Microsoft CEO Steve Ballmer displays Windows Phone 8 devices at the Qualcomm pre-show keynote at the Consumer Electronics Show (CES) in Las Vegas January 7, 2013. (Photo : Reuters)
Now that Windows 8 has been out for three months, Microsoft is touting its adoption rate and sales, though the company is reserved in its announcements.
"More than 60 million licenses sold is on par with the record setting pace we saw with Windows 7. We feel good about our start with Windows 8 -- and of course there is still much more to do," said Tami Reller, Microsoft's Chief Marketing Officer and Chief Financial Officer, in a blog post.
Windows 8 is the latest version of the operating system behemoth, and it attempts to incorporate new mobile uses directly into the interface.
Recption has been mixed, and sales of the Windows Surface RT, which uses a pared-down mobile version of the operating system have been sluggish. On Feb. 8. Microsoft finally released the Surface Pro, an ultrabook/tablet hybrid that boasts a full-featured Windows 8 operating system that the company hopes will reinvigorate sales.
"We think this is a solid start to the Windows 8 launch," Reller told the Los Angeles Times. "Change takes time. But we all have a shared sense of optimism and opportunity."
Still, third-party developers and companies haven't been full-throated in their endorsement of Windows 8, though many devices are in the works for 2013.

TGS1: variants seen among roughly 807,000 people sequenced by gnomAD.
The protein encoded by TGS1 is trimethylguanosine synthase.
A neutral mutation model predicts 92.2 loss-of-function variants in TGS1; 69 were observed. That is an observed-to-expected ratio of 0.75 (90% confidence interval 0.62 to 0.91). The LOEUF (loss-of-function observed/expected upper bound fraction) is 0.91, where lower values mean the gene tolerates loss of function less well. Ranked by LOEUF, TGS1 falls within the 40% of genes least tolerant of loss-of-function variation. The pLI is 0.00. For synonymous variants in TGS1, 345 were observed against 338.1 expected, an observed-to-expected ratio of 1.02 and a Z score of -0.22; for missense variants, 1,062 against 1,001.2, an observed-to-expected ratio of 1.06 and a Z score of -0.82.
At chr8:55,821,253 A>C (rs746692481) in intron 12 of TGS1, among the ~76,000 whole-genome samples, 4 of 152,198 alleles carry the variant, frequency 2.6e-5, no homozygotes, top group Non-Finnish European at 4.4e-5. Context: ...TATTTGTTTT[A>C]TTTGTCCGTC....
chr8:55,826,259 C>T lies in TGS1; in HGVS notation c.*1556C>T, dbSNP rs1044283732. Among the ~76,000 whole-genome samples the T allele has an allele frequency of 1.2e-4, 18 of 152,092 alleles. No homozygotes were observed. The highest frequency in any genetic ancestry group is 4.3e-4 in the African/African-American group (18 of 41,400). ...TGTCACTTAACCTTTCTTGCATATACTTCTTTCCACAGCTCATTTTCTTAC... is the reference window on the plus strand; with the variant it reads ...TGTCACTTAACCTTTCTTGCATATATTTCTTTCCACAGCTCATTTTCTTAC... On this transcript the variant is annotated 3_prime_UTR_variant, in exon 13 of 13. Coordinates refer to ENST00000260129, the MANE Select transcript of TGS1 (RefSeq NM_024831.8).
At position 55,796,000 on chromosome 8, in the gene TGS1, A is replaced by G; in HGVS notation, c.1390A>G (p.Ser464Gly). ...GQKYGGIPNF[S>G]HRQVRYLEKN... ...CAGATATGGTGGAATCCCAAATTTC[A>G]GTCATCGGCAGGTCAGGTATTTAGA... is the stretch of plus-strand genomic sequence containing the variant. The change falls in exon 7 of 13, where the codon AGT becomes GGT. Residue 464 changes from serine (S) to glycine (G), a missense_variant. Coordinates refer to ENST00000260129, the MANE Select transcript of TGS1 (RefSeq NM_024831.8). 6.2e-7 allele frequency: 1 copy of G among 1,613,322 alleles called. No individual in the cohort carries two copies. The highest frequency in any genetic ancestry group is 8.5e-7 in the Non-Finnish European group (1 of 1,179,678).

While Reller happily announced the Windows Store passed the 100 million download mark for apps, she didn't mention that some popular apps, like Twitter, still haven't been released.
Analysts say adoption rates have been slower than for Windows 8's predecessor, Windows Vista, but upgrade prices just jumped dramatically this month, after an upgrade sale ended, though students can still get relatively inexpensive upgrades.
But the main issue is that consumers just aren't used to the big changes in Windows 8. People who like Windows tend to shy away from change, or be giant corporate clients who actively hate change, so the redesign of the flagship product is a hard sell, and unless the new Windows laptops and tablets really begin to wow consumers this year, Microsoft is in trouble.